Sierran Tree Frog

Even though it has the word ‘tree’ in its name, the Sierran Tree Frog is mostly found close to the ground, in bushes and grass. It has large toe pads that allow it to walk on vertical surfaces better than Spider-Man. The toe pads are also useful for clinging to sticks and twigs.

To avoid being eaten, the Sierran Tree Frog is fast! It can jump long distances and swim quickly to hide in vegetation.  It also remains perfectly still and changes color to stay camouflaged. Sierran Tree Frogs can change from green and gray to brown.

Worms, small invertebrates, and flying insects are the frog’s dietary staples. Tadpoles feed on algae, bacteria and organic debris. Their feeding activities help keep streams and waterways clear of slippery plant material.

The Sierran Tree Frog is more often heard than it is seen. Males call to advertise availability and attract mates. Breeding and egg-laying occur from November through July. During this time, males establish a territory that they defend with encounter calls, butting, or wrestling with rivals.

photo credit: Siyavula Education


Global Amphibian Issues

Scientists say that we are living in the Anthropocene epoch, a time when human activity is the dominant influence on climate and the environment. Unfortunately, the consequences of this are that many habitats and species will disappear.

Frogs and newts are indicator species because they have thin skin that easily absorbs pollutants. Since they live both in water and on land, they absorb toxins from both environments. Like the miners who used canaries to warn when toxic gas was present, amphibian health determines the quality of the environment.

There are a number of factors that affect amphibian populations. Not unique to Nevada County, these conditions are happening globally.

Contributing Factors to Amphibian Decline:

Loss of habitat (housing development)

“We’re running out of places where frogs are healthy,” Amphibian Study Volunteer

“It doesn’t matter how many frogs we save if there is no place to put them back in the wild,” Edgardo Griffith, El Valle Amphibian Conservation Center

Chytridiomycosis (Batrachochytrium dendrobatidis – Bd) skin fungus (global epidemic)

Pesticide runoff & flushed prescription medications

California Pesticide Use:

California agriculture is the number one consumer of pesticides in the United States.

The state produces half of the US agricultural produce.

  • 99 percent of artichokes
  • 99 percent of walnuts
  • 97 percent of kiwis
  • 95 percent of garlic
  • 89 percent of cauliflower
  • 85% of the lettuce
  • 71 percent of spinach, and
  • 69 percent of carrots

Contaminated agricultural water runoff affects the entire ecosystem.

“Atrazine (an herbicide) is the most common contaminant in our drinking water. It causes male frogs to turn into females.” – Tyrone Hayes, UC Berkeley Biologist

Invasive bullfrogs

“Bullfrogs pose several threats to the native amphibians of California, many of which are endangered. When bullfrogs—the largest frogs in North America—escape or are released into the wild, they have a tendency to eat other amphibians and any other wildlife that will fit in their mouths. Their size also allows them to outcompete native species for food. Even worse, a large portion of the bullfrogs imported into this country—62 percent according to one study—are infected with the deadly chytrid fungus (Batrachochytrium dendrobatidis), a lethal skin disease which has already been blamed for extinctions of about 100 amphibian species around the globe.” – Should California Ban American Bullfrogs? Scientific American Blog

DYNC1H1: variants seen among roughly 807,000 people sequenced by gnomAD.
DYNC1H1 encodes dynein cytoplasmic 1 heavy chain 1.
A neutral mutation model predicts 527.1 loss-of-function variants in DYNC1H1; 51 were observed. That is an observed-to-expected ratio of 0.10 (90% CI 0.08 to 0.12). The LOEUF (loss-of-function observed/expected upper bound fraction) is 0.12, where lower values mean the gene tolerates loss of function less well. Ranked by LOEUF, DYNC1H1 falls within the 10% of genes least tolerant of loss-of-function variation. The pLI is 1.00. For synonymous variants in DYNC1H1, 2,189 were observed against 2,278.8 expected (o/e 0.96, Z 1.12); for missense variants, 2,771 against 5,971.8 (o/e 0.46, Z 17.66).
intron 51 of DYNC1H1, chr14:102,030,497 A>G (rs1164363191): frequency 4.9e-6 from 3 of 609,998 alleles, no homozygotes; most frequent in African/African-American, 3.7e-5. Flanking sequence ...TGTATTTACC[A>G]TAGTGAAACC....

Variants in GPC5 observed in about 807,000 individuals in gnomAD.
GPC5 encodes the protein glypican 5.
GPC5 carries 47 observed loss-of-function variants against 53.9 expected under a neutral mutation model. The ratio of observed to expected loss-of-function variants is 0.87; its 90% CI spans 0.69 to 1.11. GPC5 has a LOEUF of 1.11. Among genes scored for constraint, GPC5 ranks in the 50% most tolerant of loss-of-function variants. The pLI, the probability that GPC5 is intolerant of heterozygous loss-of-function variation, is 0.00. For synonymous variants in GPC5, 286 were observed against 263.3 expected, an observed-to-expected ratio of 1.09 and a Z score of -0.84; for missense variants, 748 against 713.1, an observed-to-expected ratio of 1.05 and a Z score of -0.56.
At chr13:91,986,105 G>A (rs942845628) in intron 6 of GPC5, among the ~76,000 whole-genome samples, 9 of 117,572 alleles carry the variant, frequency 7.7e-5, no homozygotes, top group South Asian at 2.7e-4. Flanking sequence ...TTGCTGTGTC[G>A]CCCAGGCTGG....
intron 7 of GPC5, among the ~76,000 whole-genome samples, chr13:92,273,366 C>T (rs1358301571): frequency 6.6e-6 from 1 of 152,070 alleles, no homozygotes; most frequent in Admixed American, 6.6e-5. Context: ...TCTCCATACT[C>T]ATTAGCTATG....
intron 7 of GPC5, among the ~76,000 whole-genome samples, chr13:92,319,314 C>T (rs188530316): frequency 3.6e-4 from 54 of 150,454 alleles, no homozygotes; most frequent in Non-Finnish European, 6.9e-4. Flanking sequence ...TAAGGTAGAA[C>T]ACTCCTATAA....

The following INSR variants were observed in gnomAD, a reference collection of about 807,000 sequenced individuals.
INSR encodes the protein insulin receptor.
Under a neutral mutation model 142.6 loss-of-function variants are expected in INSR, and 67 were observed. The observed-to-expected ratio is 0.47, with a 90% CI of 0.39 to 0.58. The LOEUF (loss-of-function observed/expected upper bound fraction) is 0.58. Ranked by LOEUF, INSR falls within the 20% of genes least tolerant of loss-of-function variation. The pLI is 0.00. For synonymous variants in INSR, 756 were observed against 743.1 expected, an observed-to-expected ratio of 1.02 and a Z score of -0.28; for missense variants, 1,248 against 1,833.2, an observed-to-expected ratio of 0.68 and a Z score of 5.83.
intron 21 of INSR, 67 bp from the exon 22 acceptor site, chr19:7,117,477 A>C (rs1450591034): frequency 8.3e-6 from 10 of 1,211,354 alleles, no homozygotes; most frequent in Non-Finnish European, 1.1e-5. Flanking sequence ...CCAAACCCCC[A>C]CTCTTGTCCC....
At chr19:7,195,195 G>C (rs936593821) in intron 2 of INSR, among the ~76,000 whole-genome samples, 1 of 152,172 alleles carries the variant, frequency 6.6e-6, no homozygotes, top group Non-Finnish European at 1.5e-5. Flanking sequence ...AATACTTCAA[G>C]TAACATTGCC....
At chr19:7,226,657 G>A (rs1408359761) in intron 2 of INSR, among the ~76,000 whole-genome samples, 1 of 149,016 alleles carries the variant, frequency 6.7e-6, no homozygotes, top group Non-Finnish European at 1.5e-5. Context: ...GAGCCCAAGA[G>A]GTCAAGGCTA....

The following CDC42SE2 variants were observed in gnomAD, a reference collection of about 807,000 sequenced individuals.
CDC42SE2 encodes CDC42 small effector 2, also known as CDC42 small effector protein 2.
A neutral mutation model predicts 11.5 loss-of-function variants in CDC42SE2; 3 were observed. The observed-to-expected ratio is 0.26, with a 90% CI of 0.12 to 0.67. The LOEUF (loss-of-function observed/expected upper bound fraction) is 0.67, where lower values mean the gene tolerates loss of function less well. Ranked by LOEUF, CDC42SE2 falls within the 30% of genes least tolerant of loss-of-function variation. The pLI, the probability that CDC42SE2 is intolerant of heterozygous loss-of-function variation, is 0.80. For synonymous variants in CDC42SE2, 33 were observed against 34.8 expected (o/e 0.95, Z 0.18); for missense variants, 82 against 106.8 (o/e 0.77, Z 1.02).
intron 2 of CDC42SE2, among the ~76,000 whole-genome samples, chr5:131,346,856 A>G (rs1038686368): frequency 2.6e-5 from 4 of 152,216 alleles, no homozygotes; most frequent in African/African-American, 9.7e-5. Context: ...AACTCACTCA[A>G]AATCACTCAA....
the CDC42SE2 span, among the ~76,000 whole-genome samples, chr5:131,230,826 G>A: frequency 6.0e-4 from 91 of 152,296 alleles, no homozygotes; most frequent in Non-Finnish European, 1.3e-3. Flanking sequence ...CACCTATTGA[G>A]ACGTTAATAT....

How to Help

Be a Lorax (speak up) for Nevada County frogs, toads, and salamanders




Discovering Sierra Reptiles and Amphibians, Basey, H. E.

The Audubon Society Field Guide to North American Reptiles & Amphibians, Behler, J. L., King

Peterson Field Guide to Western Reptiles and Amphibians, Third Edition, Stebbins, R. C.


AmphibianWeb – Overview of Chytridiomycosis

California Tree Frog identification

Chytrid in Nevada County – Sierra Streams Institute

El Valle Amphibian Conservation Center

Frogs Need Our Help –

Hazards of Atrazine herbicide – Clear Health Centers video

Indicator Species –

Nevada County Resource Conservation District – Amphibians

Reproductive problems linked to atrazine – Tyrone Hayes, UC Berkeley Biologist– Sierran Tree Frog

Service Working to Combat Killer Chytrid in California Frog Populations – Sacramento Fish & Wildlife Office

State of Sierra Frogs (2008) PDF – Sierra Nevada Alliance– Sierran Tree Frog

What if there is no happy ending? – Scientific American, 2013

Worldwide Amphibian Declines 2017



Life on the Creek Art


$5 from every sale of ‘Life on the Creek’ art goes to support the website/film production project. Upon completion, the proceeds will be donated to Deer Creek watershed stewardship organizations.

6 thoughts on “Sierran Tree Frog

  1. I have a pond, irregular border ~10’x20′ plus large waterfall, in Campbell CA. I’d like to establish a Sierran Tree Frog colony. Is that feasible? Suggestions for getting the stock?


      1. Thanks Lisa, I’ll check out the website. The pond has been around for years. There was bullfrog we put in which might have kept colonizers away/eaten, but I haven’t seen/heard it for years. Developed area, lots of houses/fences; might be difficult for the frogs to find the pond.


      2. Ohhh… bullfrogs are considered invasive and would surely have eliminated its native competitors. Once the coast is clear for the survival of the Sierran Tree Frog, I’d recommend visiting a friend on the outskirts of town. At dusk, go searching in damp areas, under rocks, at the edges of fountains, drainage pipes, or under hot tub covers. You’ll probably need to collect a few. (I don’t know how you tell males from females!) Best of luck creating an urban habitat for our native amphibians!


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